That’s strange, isn’t it?
Well, we do find another place in the Bible where an actual Hebrew word is translated as ‘rib’, in Daniel 7:5, but the word translated is a totally different word, ʻil-ʻîn. Even though some argument could be made that ʻil-ʻîn is of Aramaic origin—a language close to Hebrew—and thus yet another cognate of ṣê-lāʻ, it would be a loose argument indeed.
Then… there are four other occurrences of the word ‘rib’ in scriptures, found in 2 Sam. 2, 3, 4, & 20 (the story of Joab), and they are all translators’ interpolations. Ṣê-lāʻ does not appear in any of these verses (the story of Joab). Instead the Hebrew word there is ḥō-meš, and it means ‘belly’. The translators in the bid to make sense of the narrative added the word ‘rib’. It was not present in the original writimgs.
So, what then is the true meaning of ṣê-lāʻ?
I found 32 verses of the occurrence of this word in the Hebrew Bible, with 41 matches. I observed that all 41 matches can be grouped into four main categories. However, in all four categories, there is a common theme of a building or an edifice of some sort. And this observation reminded me of the second Hebrew word of the only two key words used in the Genesis 2 narrative. Remember yatsar and banah? Well, banah means to build.
I see a pattern; God takes out a ṣê-lāʻ from the first human to make the female human. Ṣê-lāʻ occurs only in contexts of buildings (banah), and in Gen. 2 we are told that the Lord God built (banah) the female human. I do not see these as coincidence. At all.
The four categories of the scriptural occurrence of ṣê-lāʻ.
- The Female-human; Gen. 2:21-22
- The Tabernacle; Exodus 25, 26, 27, 30, 36, 37, 38.
- King Solomon’s building projects; 1kings 6 & 7:3
- Prophet Ezekiel’s vision of a tour of a Temple with God; Ezekiel 41:5-11, 26.
To these four ‘building’ groupings above there are two exceptions found in 2 Sam. 16:13 and Job 18:12. In these two, ṣê-lāʻ is not used in a context of a structure or building, but a translation of ṣê-lāʻ to ‘rib’ would still not fit.
Let’s take a look.
2Sa 16:13 And as David and his men went by the way, Shimei went along on the hill’s side (ṣê-lāʻ)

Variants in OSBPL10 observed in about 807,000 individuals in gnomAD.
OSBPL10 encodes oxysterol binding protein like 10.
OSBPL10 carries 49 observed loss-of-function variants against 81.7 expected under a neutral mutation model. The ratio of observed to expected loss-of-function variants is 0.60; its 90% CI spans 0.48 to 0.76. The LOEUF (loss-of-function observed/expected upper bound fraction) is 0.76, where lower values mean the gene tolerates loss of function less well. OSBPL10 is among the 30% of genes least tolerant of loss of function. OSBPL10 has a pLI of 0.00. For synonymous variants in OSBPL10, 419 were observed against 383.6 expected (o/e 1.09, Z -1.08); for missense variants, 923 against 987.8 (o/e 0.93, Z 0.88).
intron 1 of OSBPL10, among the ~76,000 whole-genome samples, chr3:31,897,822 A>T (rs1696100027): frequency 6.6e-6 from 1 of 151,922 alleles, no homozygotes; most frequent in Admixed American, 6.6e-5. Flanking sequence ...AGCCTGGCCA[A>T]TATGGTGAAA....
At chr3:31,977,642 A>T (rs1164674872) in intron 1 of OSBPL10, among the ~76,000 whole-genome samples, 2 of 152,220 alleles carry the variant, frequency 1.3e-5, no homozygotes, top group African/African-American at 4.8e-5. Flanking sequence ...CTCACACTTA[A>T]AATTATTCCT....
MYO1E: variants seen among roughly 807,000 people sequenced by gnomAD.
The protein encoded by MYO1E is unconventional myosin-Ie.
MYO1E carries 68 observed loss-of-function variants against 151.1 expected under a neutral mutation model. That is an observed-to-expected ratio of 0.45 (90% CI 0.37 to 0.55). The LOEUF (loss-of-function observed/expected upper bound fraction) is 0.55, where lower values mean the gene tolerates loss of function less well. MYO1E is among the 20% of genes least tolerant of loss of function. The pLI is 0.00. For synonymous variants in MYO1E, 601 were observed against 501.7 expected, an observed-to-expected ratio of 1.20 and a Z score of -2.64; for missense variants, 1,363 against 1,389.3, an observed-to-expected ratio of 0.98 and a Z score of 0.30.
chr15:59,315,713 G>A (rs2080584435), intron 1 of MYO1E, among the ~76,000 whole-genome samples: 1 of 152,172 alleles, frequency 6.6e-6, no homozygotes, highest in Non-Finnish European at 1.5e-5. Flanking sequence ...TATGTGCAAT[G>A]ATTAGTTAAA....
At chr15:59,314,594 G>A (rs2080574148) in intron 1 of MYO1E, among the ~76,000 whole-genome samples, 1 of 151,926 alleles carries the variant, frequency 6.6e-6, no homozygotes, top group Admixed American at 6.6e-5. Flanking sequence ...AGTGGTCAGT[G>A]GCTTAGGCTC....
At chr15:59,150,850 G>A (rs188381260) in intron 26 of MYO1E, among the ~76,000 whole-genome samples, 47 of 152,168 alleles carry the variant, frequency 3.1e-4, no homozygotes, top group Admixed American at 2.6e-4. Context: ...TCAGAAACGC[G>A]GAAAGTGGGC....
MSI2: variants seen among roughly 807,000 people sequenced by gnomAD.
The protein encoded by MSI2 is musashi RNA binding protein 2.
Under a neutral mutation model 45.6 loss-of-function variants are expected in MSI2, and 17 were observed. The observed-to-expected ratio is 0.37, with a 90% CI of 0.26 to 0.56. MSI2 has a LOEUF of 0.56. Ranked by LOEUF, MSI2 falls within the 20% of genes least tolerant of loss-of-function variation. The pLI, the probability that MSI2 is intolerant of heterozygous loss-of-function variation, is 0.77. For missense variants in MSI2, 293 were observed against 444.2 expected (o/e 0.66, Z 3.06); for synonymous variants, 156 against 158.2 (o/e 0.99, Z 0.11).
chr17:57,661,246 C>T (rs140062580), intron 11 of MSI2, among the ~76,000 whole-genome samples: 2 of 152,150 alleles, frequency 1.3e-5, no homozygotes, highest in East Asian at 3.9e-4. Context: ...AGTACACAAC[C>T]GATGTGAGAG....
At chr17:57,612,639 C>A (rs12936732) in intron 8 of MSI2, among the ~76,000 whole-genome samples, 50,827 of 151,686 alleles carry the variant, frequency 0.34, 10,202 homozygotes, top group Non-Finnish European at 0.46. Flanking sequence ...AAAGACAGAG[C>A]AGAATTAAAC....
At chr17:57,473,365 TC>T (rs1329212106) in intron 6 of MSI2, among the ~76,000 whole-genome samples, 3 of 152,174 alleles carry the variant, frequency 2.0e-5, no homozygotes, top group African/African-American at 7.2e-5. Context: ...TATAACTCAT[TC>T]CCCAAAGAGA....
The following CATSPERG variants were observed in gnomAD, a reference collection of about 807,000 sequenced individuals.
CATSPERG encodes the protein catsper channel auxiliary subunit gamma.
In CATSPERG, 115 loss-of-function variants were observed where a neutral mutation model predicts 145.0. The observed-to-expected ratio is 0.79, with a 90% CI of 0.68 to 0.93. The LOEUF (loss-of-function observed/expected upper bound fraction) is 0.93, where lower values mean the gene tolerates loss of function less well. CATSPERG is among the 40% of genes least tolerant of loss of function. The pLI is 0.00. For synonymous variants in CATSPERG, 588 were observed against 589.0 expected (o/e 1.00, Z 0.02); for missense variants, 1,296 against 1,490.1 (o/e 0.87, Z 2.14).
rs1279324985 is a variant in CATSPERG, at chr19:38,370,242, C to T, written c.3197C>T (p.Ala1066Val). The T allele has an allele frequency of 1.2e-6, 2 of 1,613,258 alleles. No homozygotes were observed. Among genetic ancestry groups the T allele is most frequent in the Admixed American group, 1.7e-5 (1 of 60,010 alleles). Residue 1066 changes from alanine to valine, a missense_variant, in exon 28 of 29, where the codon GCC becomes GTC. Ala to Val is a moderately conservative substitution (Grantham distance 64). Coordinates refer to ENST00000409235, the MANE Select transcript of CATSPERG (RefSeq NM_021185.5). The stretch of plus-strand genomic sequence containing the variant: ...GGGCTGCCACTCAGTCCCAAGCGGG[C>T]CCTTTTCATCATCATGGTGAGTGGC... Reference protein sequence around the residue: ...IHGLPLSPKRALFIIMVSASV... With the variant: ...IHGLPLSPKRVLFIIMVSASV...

Job 18:11-12 Terrors shall make him afraid on every side (sabiyb), and shall drive him to his feet. His strength shall be hungerbitten, and destruction shall be ready at his side (ṣê-lā)
Why do all these matter?
God is the one who used this word the most. He is the first Person to use the word ṣê-lāʻ in the Bible, in the Genesis 2 creation account, and it is the pattern of His usage—building an edifice—that all the other writers followed. The next time after Genesis when He uses the word ṣê-lāʻ, it is with respect to yet another edifice. This we find in the book of Exodus, when He gives Moses the heavenly pattern to follow to establish the first covenant of God with mankind, i.e. the first ‘church’. In the Exodus narrative, there is a clear and consistent pattern to the usage of ṣê-lāʻ. And also, very insightful. So insightful that it totally changed the game of gender equality for me.
What’s more, the Lord God also uses the words badad/le-bad which are equally found in Genesis 2:21. Again, I do not see that as co-incidence at all.
For this cause I would like us to look in the Exodus accounts very closely together to find out more about what God’s usage of ṣê-lāʻ connotes. This way we could find out what really happened in Genesis 2:21-22, and maybe also what the phrase ʻê-zer kə-neḡ-dōw means. The logic is this; if we can determine how ʻê-zer kə-neḡ-dōw was made, then we can know what ʻê-zer kə-neḡ-dōw means, and we can know how God made man and woman.
One thing is sure in all these, the traditional translation of ṣê-lāʻ to rib in Genesis 2:21-22 is not accurate.